mortality_file = system.file("extdata", "LifeTable_USA_Mx_2015.csv", package = "packDAMipd")
param_list <- define_parameters(age_init = 25,
mortality_age = "get_mortality_from_file(mortality_file, age_init - 1 + markov_cycle, \"total\")",
p_HDage = "1-exp(-mortality_age)", p_HS1 = 0.15,
p_S1H = 0.5,
p_S1S2 = 0.105, hr_S1 = 3,hr_S2 = 10,
p_S1Dage = "1-exp(-mortality_age *hr_S1)",
p_S2Dage = "1-exp(-mortality_age *hr_S2)",
p_HH = "1 - (p_HS1 + p_HDage)",
p_S1S1 = "1 - (p_S1H + p_S1S2+ p_S1Dage)",
p_S2S2 = "1 - ( p_S2Dage)",
p_DD = 1,
c_H = 2000,c_S1 = 4000,c_S2 = 15000,
c_D = 0, c_Trt = 12000,u_H = 1,
u_S1 = 0.75, u_S2 = 0.5,u_D = 0,
u_Trt = 0.95, du_HS1 = -0.01, ic_HS1 = 1000, ic_D = 2000)
```

We define the strategy “Usual care” by using the function ‘strategy’ with the health states combined (using combine_state()), the transition matrix (tm), transition cost and utility matrices. Using the defined strategy ‘uc_strategy’, we run the Markov model using Markov_model() with cycles, initial states, initial cost, initial utility values, discount rates and parameter list. The results of the Markov model (trace matrix) can be plotted using plot_model() function.

```
health_states <- combine_state(H,S1,S2,D)
uc_strategy <- strategy(tm, health_states, "Usual care",tm_cost,tm_util)
uc_markov <- markov_model(current_strategy = uc_strategy, cycles = 85,
initial_state = c(1, 0,0,0), discount = c(0.03,0.03), parameter_values = param_list, TRUE,
method = "half cycle correction")
plot_model(uc_markov)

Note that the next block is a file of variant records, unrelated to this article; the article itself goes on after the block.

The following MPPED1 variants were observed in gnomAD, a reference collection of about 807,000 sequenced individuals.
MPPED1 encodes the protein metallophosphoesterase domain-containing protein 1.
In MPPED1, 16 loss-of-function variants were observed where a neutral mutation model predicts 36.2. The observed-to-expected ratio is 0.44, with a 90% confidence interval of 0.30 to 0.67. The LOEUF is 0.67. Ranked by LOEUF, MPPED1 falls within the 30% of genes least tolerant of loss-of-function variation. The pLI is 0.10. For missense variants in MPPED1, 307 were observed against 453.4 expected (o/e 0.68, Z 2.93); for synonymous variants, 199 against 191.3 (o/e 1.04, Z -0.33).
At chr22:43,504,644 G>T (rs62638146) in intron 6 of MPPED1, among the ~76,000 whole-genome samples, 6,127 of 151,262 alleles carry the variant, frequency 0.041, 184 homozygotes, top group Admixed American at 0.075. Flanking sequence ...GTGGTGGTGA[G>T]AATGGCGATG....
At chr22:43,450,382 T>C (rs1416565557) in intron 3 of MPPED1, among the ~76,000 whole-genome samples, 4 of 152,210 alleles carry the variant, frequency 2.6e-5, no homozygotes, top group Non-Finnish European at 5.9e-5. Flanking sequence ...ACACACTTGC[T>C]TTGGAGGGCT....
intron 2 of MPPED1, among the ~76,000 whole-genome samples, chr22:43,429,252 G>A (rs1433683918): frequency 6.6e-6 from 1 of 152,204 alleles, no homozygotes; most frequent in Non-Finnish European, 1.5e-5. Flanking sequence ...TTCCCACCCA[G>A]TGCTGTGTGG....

```

Similarly, we define the health states, strategy, and Markov model for the “New treatment”. Parameter list is the same as that defined for the usual care. Costs for the health states in the new treatment strategy differs, thus we need to redefine the health states.

```
H <- health_state("H", cost = "c_H ", utility = "u_H")
S1 <- health_state("S1", cost = "c_S1 + c_Trt ",utility = "u_Trt")
S2 <- health_state("S2", cost = "c_S2 + c_Trt",utility = "u_S2")
D <- health_state("D", cost = "c_D ",utility = "u_D")
health_states <- combine_state(H,S1,S2,D)
trt_strategy <- strategy(tm, health_states, "New treatment",tm_cost,tm_util)
trt_markov <- markov_model(current_strategy = trt_strategy, cycles = 85,
initial_state = c(1, 0,0,0), discount = c(0.03,0.03),parameter_values = param_list,TRUE,
method = "half cycle correction")
```

Once we have the results form the Markov models for both the strategies, we combine these two to define list_Markov. Finally we obtain incremental cost effectiveness ratio (ICER) and net monetary benefit (NMB) for the cost effectiveness analysis using the function calculate_icer_nmb(). The results of the cost effectiveness acceptability curve(CEAC) can be plotted using plot_nmb_lambda function as shown below. For calculating NMB, threshold value and the name of the comparator should be provided, while for plotting CEAC, range of values of thresholds should be provided along with the name of the comparator.

The reports the results as follows which is the same as obtained using packDAMipd.

The cost of usual care obtained from STM_02.R of Cohort-modeling-tutorial in DARTH-git package is 115,415 USD while that of the new treatment is 212,867 USD. The QALYs for the usual care and the new treatment are 19.460 and 20.157 respectively. The ICER obtained is 139,794

```
list_markov <- combine_markov(uc_markov, trt_markov)
cal <- calculate_icer_nmb(list_markov, threshold = 20000,
comparator = "Usual care" )
cal
> Strategy Cost Effect NMB
> <char> <char> <char> <char>
> 1: Usual care 115414.831188968 19.4595827471125 273776.823753282
> 2: New treatment 212866.531304463 20.1566917302682 190267.303300902
> Inc_Cost Inc_Effect ICER
> <char> <char> <char>
> 1: <NA> <NA> <NA>
> 2: 97451.7001154942 0.697108983155694 139794.067312613
```